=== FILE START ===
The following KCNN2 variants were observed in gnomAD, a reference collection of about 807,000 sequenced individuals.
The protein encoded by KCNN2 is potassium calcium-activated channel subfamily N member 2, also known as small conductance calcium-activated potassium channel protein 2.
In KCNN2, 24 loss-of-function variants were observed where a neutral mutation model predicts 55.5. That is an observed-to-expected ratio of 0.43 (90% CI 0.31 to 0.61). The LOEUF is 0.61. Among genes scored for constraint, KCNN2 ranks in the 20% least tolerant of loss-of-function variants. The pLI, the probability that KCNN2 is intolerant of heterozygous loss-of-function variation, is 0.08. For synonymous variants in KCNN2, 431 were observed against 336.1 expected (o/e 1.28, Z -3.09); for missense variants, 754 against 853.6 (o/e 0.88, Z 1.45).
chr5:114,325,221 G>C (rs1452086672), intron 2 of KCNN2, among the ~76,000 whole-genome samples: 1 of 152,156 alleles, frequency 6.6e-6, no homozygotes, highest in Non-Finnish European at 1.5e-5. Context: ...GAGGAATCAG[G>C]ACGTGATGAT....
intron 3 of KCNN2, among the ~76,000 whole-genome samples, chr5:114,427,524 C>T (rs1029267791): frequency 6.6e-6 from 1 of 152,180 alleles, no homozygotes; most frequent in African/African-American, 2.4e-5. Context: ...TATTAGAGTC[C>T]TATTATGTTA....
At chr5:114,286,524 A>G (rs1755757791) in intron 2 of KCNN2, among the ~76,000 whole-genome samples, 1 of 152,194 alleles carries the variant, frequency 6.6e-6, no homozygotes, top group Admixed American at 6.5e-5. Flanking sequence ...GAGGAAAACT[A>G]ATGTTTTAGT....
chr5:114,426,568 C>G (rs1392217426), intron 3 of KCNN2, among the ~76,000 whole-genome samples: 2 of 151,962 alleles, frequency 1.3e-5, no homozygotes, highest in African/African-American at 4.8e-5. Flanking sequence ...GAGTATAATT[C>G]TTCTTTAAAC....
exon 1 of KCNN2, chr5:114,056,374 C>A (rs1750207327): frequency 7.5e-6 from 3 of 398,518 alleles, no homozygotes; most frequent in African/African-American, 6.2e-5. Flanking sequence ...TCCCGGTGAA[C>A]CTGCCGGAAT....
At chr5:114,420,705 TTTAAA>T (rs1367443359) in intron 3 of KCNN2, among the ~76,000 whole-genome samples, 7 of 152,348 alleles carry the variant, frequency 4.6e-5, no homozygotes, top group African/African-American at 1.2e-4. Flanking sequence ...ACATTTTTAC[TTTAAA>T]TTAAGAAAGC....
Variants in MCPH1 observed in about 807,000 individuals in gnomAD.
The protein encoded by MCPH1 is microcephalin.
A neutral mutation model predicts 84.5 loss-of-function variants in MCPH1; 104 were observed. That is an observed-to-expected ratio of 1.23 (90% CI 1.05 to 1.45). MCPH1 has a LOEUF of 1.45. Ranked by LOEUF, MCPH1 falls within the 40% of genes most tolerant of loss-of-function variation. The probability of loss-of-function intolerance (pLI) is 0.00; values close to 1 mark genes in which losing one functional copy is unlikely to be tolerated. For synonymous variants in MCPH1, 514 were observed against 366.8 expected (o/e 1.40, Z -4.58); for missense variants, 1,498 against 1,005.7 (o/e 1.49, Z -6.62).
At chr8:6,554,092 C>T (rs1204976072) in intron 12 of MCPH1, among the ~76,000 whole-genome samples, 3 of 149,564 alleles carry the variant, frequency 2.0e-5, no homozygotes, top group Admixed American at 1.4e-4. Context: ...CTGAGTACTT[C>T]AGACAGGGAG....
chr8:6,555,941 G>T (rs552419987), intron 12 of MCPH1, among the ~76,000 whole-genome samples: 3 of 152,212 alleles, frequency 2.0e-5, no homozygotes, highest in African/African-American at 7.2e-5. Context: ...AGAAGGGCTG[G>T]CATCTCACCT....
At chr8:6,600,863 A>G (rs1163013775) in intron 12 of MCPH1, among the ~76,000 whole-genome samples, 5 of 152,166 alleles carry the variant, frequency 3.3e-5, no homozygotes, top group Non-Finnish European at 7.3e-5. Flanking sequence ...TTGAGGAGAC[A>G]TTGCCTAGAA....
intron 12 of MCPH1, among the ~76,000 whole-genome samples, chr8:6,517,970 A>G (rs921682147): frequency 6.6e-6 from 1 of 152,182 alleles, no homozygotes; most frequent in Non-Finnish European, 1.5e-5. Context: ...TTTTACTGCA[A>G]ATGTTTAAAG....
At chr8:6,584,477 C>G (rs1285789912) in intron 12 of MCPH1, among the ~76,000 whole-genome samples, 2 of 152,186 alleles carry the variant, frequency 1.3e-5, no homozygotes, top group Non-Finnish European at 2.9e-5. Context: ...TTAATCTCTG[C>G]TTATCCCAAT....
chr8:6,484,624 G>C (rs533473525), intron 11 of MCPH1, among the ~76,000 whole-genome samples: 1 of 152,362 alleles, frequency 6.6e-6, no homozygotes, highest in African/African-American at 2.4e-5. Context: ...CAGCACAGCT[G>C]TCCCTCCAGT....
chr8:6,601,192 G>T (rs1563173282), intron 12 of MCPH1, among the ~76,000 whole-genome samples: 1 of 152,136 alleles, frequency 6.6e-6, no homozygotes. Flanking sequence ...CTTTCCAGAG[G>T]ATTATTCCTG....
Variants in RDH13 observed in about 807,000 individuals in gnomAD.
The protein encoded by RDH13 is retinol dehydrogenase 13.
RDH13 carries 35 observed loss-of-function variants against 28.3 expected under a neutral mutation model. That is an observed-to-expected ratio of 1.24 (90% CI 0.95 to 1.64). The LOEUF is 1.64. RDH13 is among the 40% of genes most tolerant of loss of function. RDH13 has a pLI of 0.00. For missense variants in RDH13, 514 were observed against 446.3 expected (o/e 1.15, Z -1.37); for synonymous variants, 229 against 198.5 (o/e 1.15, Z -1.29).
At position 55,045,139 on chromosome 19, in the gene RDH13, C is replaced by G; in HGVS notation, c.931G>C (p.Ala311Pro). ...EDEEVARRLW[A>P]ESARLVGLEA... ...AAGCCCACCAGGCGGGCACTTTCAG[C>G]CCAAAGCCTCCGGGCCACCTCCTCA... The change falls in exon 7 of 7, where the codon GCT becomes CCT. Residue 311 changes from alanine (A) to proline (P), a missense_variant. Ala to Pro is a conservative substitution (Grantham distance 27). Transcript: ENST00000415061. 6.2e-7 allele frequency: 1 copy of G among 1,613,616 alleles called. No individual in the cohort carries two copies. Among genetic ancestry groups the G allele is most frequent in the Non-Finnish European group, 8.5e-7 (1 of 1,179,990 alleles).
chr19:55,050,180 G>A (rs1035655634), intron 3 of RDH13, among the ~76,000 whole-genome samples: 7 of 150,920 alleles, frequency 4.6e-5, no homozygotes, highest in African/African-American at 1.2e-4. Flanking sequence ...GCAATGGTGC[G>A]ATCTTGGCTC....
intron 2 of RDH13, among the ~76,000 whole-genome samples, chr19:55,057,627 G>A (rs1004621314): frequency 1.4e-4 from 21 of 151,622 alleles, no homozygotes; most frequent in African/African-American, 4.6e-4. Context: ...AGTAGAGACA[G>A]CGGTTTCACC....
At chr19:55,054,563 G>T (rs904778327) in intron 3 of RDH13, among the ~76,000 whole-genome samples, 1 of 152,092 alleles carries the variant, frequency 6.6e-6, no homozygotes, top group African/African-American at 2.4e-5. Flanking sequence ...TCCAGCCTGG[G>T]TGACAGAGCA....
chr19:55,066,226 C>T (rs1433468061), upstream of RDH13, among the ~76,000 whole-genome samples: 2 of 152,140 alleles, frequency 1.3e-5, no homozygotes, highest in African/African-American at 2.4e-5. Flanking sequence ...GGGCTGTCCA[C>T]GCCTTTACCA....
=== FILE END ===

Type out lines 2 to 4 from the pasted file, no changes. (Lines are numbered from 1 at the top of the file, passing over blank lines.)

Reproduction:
The protein encoded by KCNN2 is potassium calcium-activated channel subfamily N member 2, also known as small conductance calcium-activated potassium channel protein 2.
In KCNN2, 24 loss-of-function variants were observed where a neutral mutation model predicts 55.5. That is an observed-to-expected ratio of 0.43 (90% CI 0.31 to 0.61). The LOEUF is 0.61. Among genes scored for constraint, KCNN2 ranks in the 20% least tolerant of loss-of-function variants. The pLI, the probability that KCNN2 is intolerant of heterozygous loss-of-function variation, is 0.08. For synonymous variants in KCNN2, 431 were observed against 336.1 expected (o/e 1.28, Z -3.09); for missense variants, 754 against 853.6 (o/e 0.88, Z 1.45).
chr5:114,325,221 G>C (rs1452086672), intron 2 of KCNN2, among the ~76,000 whole-genome samples: 1 of 152,156 alleles, frequency 6.6e-6, no homozygotes, highest in Non-Finnish European at 1.5e-5. Context: ...GAGGAATCAG[G>C]ACGTGATGAT....